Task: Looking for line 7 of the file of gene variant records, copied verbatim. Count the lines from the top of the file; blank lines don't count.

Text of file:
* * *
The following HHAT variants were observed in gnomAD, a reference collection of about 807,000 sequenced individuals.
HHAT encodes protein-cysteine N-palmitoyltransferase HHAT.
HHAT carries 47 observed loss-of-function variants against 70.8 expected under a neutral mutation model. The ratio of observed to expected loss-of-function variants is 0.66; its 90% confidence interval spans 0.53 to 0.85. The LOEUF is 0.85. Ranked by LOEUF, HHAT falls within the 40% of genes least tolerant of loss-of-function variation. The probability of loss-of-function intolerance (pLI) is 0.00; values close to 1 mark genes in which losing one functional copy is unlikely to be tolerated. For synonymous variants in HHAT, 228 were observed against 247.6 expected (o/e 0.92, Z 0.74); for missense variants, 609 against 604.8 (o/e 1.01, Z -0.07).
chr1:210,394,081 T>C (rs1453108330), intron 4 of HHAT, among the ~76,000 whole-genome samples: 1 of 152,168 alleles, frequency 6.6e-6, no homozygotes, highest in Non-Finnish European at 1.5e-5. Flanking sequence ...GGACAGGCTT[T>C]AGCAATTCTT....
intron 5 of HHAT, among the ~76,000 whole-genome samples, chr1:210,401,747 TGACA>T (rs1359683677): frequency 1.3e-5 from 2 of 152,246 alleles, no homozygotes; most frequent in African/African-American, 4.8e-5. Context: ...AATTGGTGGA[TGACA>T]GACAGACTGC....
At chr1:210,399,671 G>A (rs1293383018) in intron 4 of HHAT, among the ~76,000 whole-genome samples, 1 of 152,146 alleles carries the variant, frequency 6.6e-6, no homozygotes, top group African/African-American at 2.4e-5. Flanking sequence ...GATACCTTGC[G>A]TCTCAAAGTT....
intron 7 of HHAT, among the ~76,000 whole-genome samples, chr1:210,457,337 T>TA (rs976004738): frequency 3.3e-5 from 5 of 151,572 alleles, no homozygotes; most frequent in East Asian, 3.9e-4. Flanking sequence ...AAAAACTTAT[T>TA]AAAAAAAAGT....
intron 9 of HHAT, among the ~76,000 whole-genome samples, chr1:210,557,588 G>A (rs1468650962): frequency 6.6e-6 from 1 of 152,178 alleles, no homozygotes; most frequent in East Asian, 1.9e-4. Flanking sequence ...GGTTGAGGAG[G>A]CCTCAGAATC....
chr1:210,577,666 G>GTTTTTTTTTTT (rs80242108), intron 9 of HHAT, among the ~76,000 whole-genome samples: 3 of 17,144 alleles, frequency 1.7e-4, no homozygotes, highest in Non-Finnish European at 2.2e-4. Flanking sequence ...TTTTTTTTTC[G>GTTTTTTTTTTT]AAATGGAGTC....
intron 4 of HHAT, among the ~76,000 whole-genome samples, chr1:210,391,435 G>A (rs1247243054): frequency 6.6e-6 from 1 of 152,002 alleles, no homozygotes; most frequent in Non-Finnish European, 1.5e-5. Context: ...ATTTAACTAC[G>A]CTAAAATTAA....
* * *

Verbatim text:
intron 7 of HHAT, among the ~76,000 whole-genome samples, chr1:210,457,337 T>TA (rs976004738): frequency 3.3e-5 from 5 of 151,572 alleles, no homozygotes; most frequent in East Asian, 3.9e-4. Flanking sequence ...AAAAACTTAT[T>TA]AAAAAAAAGT....